A lifetime of walking and running will help you use your legs to get around on skis. Poling, on the other hand, is a different matter. You could use poles as you walk or run during your daily routine, but you might get a little tired explaining yourself. A more practical approach, perhaps, is to spend some concentrated effort on efficient poling the next time you ski by applying these poling principles.
Buying and sizing poles
With a properly sized pole, your body weight can move over your poles. Skaters, especially, tend to use poles that are too long. Skiers of either stripe with poles that are too long are easy to spot, as their hands rise in front every time they pole as if they were raising a mirror to see if their hair looks good or to check traffic behind them. This arm and torso motion straightens the upper body and puts the hips behind the feet at the start of the pole cycle. From this position, the puny arm muscles are all that are left to pole with.
For skating, the top of the pole should come to between your chin and your lips when you are standing on the snow off of your skis or on the floor in your shoes. For classic skiing, the top of the pole should be between your armpit and your shoulder. Skiers with a stronger upper body should tend toward the longer measurement.
Lower priced poles are seldom stiff enough to transfer much force. The more you pay, the stiffer and lighter the pole will be. If you have to choose one, opt for stiffness at the expense of lightweight. Be careful when you try a pair of stiff, light poles—it’s hard to go back to a heavier stick.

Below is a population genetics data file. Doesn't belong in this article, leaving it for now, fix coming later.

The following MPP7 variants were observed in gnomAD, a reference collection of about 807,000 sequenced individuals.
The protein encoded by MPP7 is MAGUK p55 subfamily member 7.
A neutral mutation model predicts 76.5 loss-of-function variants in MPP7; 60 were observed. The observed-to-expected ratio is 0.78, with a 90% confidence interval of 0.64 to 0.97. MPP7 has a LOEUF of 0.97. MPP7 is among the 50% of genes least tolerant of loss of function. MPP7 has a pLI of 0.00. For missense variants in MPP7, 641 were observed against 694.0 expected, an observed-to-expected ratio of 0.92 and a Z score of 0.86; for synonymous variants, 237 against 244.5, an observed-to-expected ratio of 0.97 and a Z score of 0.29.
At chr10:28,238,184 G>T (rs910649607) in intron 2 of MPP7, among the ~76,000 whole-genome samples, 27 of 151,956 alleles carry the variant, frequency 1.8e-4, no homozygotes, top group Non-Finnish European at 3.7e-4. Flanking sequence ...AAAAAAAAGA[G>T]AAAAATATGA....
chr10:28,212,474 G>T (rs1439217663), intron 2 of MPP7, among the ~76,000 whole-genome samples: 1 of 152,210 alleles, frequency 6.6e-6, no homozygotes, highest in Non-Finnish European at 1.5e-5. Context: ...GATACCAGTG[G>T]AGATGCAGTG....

Stiff and light poles are fragile, so if you buy them, take care of them. Nicks from banging around in the back of the car, hitting other skiers and general wear and tear can cause weaknesses that lead to broken poles. To protect your poles, use more durable poles or be in front in mass start races, choose stout poles for off track adventures, and use some sort of protective tube while transporting your poles. For plane travel, you can reduce the bulk and weight of a protective pole tube in your ski bag by placing your skate and classic poles together. Alternate the grips and baskets so that the shafts mate closely, and use duct tape to strap them together into one strong carbon rod.
A properly designed grip and strap will allow you to grip the pole lightly and release it at the end of the pole stroke without losing control of the pole. As a minimum, the handle should extend above the strap, and the strap should be easy to adjust. Cork or other conformable coverings make the handle more comfortable and easier to grip. Many strap arrangements are designed to cradle your hand and improve the control of the pole after you release it. If you want these benefits, choose a design that you understand and is easy to adjust for different sized gloves. If you ski with small children, dogs, or have any other need to frequently take your poles on and off, consider sticking with simple, standard pole straps.
Regardless of what grip and strap combination you choose, the pole strap will need to be adjusted so that you can continue to push after you release the grip with your hand.
Photo 1: Adjust the strap, so the union between your index finger and thumb is snug against the grip.
Keep your hands low and let your arms swing naturally from your shoulder.
Without poles, stand in a good skiing stance with ankles, knees and hips equally flexed. Without moving forward, relax your arms, and let them swing back and forth as if you were holding a brick in each hand. Ski without your poles or grip them in the middle of the shaft and swing your arms in this same easy way while skiing. Let the natural and relaxed arm swing of walking or running become part of your skiing.
Plant the basket behind the grip, so that pushing on your poles results in forward motion.